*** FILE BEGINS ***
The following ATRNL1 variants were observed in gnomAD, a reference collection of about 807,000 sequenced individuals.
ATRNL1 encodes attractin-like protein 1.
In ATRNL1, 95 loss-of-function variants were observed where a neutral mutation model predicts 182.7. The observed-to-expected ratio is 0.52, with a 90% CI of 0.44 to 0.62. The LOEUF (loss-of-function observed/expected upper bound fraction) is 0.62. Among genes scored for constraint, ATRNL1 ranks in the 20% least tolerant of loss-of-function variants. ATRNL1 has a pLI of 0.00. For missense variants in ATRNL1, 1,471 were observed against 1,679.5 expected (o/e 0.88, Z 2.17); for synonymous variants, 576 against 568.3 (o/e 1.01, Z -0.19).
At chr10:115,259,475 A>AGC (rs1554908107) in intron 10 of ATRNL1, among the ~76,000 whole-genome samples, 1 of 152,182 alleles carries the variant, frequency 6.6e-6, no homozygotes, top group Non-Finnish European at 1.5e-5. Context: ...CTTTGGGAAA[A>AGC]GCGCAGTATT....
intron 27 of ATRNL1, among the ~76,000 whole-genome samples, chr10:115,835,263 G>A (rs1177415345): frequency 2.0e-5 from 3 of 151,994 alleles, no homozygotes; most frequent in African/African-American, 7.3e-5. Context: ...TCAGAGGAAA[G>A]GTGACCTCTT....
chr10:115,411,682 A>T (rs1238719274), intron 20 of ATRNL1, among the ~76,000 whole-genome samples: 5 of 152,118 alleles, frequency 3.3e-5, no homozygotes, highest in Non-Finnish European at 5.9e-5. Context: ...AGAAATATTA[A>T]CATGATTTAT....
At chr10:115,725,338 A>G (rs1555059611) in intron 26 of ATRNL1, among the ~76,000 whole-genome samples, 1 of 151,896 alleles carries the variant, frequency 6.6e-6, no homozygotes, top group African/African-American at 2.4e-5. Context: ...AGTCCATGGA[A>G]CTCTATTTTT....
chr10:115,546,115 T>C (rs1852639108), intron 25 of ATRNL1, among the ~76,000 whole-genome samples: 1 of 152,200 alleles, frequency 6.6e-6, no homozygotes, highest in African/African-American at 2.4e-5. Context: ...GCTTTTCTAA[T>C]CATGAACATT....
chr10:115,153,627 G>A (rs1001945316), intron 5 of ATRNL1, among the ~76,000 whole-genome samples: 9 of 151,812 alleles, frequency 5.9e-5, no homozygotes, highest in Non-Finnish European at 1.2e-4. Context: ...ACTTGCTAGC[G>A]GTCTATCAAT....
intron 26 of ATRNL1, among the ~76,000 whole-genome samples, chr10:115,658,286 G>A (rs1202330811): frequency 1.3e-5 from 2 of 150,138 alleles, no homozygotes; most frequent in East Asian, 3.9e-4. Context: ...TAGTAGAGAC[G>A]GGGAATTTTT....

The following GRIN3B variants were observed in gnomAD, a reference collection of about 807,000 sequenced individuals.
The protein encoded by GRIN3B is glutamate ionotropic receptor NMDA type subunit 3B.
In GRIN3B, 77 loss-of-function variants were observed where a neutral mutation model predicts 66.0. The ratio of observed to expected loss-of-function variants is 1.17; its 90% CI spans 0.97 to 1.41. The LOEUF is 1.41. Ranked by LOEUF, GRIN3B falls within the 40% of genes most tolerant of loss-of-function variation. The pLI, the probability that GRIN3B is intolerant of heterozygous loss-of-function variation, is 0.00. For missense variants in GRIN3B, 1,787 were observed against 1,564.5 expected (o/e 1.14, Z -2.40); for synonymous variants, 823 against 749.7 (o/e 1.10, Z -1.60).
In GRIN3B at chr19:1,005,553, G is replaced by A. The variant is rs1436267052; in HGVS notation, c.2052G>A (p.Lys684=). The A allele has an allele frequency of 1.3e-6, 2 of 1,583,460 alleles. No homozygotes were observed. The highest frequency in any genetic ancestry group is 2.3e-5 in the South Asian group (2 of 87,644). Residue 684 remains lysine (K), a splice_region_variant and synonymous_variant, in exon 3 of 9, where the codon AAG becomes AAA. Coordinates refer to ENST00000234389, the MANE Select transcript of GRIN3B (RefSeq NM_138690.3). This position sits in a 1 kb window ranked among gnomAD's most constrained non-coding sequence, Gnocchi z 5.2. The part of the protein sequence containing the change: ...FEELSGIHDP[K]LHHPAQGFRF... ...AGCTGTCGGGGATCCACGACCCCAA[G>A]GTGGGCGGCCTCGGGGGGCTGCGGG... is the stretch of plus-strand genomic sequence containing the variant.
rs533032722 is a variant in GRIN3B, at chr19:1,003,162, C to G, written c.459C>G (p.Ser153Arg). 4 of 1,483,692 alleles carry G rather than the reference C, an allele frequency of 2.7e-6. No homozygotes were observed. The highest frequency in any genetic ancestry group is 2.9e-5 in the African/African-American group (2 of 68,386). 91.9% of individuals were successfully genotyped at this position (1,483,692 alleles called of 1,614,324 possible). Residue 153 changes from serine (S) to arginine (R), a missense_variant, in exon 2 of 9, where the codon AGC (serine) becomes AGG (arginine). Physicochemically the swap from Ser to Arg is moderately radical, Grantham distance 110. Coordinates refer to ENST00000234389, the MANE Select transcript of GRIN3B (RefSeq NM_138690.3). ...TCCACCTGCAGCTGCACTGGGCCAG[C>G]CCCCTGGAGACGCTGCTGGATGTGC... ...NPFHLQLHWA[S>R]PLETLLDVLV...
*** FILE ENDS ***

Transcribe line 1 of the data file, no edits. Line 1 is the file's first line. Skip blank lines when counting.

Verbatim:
The following ATRNL1 variants were observed in gnomAD, a reference collection of about 807,000 sequenced individuals.